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Category: In The News

Call for public input in the Cape Cod Bridge Replacement process

Call for public input in the Cape Cod Bridge Replacement process

Bob Sloane, who calls the Cape home for much of the summer, recently published an opinion piece in the Cape Cod Times describing the replacement of the Cape Cod bridges as a “big, expensive once-in-a-lifetime event.” For those of you who know Bob’s commitment to the Allston multi-modal project, these adjectives sound eerily familiar. Read about Bob’s latest call for public input here.

Allston I-90 – early August 2020 update

Allston I-90 – early August 2020 update

Following an announcement of the potential alternatives to be included in the upcoming FHWA/MassDOT studies for a draft environmental impact statement (DEIS), 10+ organizations including WalkBoston sent in a letter that we hoped would help guide the writing that was to be included in a scope for the DEIS. The letter was not well-received by MassDOT and a response came quickly outlining why our letter was not going to have an effect on state/federal plans.

Shortly after these communications, the DEIS full document was distributed. It  has three alternatives for the Throat area, each of which will fail to meet the standards that are prescribed in the options MassDOT proposed to develop.

The two options our groups favor fail immediately because they cannot be constructed without either temporary or permanent fill in the Charles River, and the State’s Secretary of Environmental Affairs has stated that if any option stays out of the river it will necessarily become the chosen approach.

This isn’t just an Allston thing: the Worcester Regional Chamber of Commerce is also concerned about transit access along the corridor. The Boston Globe editorial board weighed in over the weekend, saying “The state and activists should compromise on a solution that is not a throwback to 1960s transportation projects but a vision for a thriving waterfront and transit corridor.”

We’ll make sure to keep you in the loop as things continue to move forward.
Streetsblog Mass: Safe Streets Advocacy Groups Join Growing Movement to Cut Police Spending

Streetsblog Mass: Safe Streets Advocacy Groups Join Growing Movement to Cut Police Spending

Streetsblog Mass: “Safe Streets Advocacy Groups Join Growing Movement to Cut Police Spending

“In a letter sent yesterday to Boston Mayor Marty Walsh, three large advocacy groups for safer streets – the LivableStreets AllianceBoston Cyclists Union, and WalkBoston – called on the City of Boston to remove the Boston Police Department (BPD) from the city’s Vision Zero Task Force, reduce the BPD’s annual budget, and ‘reallocate resources for social programs designed to strengthen communities​.'”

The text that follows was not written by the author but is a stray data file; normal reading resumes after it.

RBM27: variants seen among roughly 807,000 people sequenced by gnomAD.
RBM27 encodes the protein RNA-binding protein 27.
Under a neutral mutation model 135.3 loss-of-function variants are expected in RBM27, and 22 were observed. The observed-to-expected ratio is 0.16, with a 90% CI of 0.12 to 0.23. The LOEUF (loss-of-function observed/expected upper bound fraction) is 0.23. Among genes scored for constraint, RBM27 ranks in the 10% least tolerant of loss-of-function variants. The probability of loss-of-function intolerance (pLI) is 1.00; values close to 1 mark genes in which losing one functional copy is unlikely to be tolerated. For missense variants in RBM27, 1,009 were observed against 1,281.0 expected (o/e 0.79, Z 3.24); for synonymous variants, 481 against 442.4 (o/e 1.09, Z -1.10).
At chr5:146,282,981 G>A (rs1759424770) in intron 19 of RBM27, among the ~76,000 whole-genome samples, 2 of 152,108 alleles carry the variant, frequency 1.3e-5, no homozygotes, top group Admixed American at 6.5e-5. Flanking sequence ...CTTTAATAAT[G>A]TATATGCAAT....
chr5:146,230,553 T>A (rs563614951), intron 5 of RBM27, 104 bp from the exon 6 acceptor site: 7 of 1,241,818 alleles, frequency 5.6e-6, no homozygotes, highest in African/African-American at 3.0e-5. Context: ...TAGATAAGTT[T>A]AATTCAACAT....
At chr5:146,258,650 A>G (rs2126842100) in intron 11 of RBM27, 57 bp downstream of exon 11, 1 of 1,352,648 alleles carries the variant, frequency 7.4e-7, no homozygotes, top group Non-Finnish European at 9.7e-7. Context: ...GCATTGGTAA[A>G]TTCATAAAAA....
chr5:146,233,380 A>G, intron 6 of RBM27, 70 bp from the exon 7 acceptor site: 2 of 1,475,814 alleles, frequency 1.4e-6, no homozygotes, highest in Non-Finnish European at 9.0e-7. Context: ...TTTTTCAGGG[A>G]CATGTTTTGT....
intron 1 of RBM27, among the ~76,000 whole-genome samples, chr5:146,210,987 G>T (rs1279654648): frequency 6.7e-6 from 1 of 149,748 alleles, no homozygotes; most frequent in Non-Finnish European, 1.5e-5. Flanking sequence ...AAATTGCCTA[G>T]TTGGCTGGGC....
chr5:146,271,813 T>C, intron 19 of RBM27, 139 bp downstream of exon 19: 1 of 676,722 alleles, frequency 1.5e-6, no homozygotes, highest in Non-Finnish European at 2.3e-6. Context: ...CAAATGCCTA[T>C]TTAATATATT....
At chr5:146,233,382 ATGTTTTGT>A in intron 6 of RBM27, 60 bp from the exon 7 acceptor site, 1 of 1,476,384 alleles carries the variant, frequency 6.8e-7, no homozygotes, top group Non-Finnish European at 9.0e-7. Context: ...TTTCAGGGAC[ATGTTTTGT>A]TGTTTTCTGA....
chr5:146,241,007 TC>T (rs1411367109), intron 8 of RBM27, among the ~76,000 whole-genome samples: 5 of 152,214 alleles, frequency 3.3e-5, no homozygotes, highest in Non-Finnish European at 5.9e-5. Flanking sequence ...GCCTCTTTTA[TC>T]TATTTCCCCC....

Streetsblog Mass: MassDOT Begins Reexamining Deadly Speed Limit Policies

Streetsblog Mass: MassDOT Begins Reexamining Deadly Speed Limit Policies

Streetsblog Mass: “MassDOT Begins Reexamining Deadly Speed Limit Policies

“We often hear from residents and advocates that want to lower speed limits, and they ask us, ‘what’s the process?’ And we tell them, ‘honestly, if you do a speed study, they may actually raise the speed limit,'” said Beuttell. “Speed studies rule the day, and they shouldn’t. It should be context-specific. If there’s a school, or heavy foot traffic, or seniors living nearby, all that should be taken into consideration.”

MassDOT Blog – MassDOT on April Roadway Fatal Crashes: Drivers Urged to Slow Down

MassDOT Blog – MassDOT on April Roadway Fatal Crashes: Drivers Urged to Slow Down

MassDOT Blog: “MassDOT on April Roadway Fatal Crashes: Drivers Urged to Slow Down

Stacey Beuttell, Executive Director of WalkBoston, added, “With the stay-at-home advisory still in place, everyone should expect to see more neighbors walking, rolling, or running in the street as they try to maintain six feet of physical distance on narrow sidewalks. If you are driving, be prepared to yield to people walking and drive slowly. Empty streets are not a license to drive faster. Please consider every street a shared street and stay safe.”

MassDOT’s public education program, “Scan the Street for Wheels and Feet,” underscores the need for greater awareness on the road…MassDOT has been pleased to work collaboratively on this public safety initiative with the Massachusetts Executive Office of Public Safety and Security, the Massachusetts Department of Public Health, Boston Vision Zero, WalkBoston, MassBike, and the Safe Roads Alliance.

This important story has been covered in a number of news outlets: